All of the plans on the exchange stink to a certain extent, but I guess having¬†some¬†insurance is better than having no insurance at all. Actually, I¬†think my biggest objection to the whole thing isn’t so much that the pickings are slim, but is probably the fact that I dislike the feeling of being clumsily railroaded by the government into making a choice between paying for mediocre health insurance or paying a penalty for opting out. That’s what doesn’t sit well with me.

The $23 IKEA Standing Desk Hack

After I quit smoking back in 2011, I just wasn’t taking breaks and getting out of my chair as often as I had done before, and I was starting to feel the effects of the prolonged sitting and bad posture in my ankles and back. So, when I came across¬†this interesting IKEA standing station hack, I was intrigued and decided to give it a try for a while.

The basic components are:

1 Lack side table

1 Ekby Viktor shelf

2 Ekby Valter brackets

4 3″ bolts and washers from Home Depot (the Lack legs are hollow so screws won’t work well)

I picked the black-finish to match my workstation hardware. Some of the stuff was on sale and my total ended up slightly south of $23 USD, and it took me about 15 minutes to do all the measuring and drilling and assembly.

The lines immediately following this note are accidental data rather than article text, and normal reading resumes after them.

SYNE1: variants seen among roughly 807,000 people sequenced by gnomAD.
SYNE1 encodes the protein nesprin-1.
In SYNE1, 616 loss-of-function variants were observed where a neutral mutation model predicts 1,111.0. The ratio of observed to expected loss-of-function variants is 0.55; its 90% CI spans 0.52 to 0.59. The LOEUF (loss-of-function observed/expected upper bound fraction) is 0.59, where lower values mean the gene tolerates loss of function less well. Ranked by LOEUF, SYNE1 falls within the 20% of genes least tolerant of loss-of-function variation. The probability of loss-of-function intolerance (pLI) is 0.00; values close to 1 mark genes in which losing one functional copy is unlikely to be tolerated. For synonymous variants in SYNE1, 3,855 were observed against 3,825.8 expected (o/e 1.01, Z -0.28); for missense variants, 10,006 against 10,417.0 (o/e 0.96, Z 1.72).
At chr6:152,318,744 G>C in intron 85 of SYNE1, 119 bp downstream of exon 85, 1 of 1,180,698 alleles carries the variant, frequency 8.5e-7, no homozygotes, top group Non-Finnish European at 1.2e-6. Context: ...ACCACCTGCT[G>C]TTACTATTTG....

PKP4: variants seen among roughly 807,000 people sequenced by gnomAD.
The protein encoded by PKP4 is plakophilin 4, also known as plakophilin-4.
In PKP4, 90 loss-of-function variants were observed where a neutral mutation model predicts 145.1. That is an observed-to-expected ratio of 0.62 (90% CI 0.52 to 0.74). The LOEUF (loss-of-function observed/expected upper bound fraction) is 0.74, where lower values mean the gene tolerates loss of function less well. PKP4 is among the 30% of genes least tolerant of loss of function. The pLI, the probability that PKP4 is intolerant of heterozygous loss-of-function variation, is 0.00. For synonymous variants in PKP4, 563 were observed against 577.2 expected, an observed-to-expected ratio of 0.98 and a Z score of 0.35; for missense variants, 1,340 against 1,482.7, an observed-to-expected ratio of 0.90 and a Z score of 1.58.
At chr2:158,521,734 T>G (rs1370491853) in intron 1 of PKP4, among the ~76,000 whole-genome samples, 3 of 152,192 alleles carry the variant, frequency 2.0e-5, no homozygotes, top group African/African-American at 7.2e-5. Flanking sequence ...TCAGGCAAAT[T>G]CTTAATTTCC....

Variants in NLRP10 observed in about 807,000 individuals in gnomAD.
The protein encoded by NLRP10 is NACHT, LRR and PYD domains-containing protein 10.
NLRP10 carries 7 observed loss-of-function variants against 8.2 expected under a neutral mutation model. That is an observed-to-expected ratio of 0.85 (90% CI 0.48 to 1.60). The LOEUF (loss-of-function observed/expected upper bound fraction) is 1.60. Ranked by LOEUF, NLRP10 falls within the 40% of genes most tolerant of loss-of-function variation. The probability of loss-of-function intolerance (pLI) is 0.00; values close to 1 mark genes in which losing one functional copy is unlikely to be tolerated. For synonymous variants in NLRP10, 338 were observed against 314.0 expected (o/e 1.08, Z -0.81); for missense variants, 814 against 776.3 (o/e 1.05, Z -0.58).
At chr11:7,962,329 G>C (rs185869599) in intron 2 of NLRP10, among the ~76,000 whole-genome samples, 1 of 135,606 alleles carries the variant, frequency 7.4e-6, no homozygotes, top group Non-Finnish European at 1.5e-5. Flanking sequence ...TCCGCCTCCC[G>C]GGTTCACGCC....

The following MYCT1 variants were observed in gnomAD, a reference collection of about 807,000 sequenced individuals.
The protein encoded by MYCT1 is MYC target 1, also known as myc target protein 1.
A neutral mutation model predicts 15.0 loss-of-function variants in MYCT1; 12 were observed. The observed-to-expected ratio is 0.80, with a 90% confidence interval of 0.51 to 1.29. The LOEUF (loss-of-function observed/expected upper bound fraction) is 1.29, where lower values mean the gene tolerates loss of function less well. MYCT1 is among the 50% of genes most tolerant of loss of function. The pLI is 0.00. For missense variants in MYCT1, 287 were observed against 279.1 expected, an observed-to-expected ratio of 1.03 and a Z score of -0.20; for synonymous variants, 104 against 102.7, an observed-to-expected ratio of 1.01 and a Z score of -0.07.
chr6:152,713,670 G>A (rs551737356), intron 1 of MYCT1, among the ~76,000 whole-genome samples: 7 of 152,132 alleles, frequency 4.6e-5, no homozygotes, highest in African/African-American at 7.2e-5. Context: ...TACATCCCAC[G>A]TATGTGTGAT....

Here’s the finished product:

2014-01-12 12.38.14

I also picked up a soft foam rubber anti-fatigue mat from Home Depot.

I’ve used the standing desk for two months now. It took a little bit of getting used to, but I ended up really liking it. I alternate between sitting and standing, and I no longer have any back pain or other issues. I also find that it helps my energy level throughout the day, and I’m glad I made this change.

Merry Christmas, world!

For some reason, despite being a professional papercraft designer, I’m astonishingly incompetent at wrapping presents. A few hundred square feet of wrapping paper, a couple dozen miles of tape, a box of staples, and half a gallon of craft glue later, I’m finally done wrapping stuff.

After bagging up what looks like a bunch of festive papier-m√Ęch√© tape balls and vaguely rectangular pi√Īatas, I decided to take a minute to wish all of you a peaceful Christmas Eve and a merry Christmas.

Now I’m off to bed. ūüôā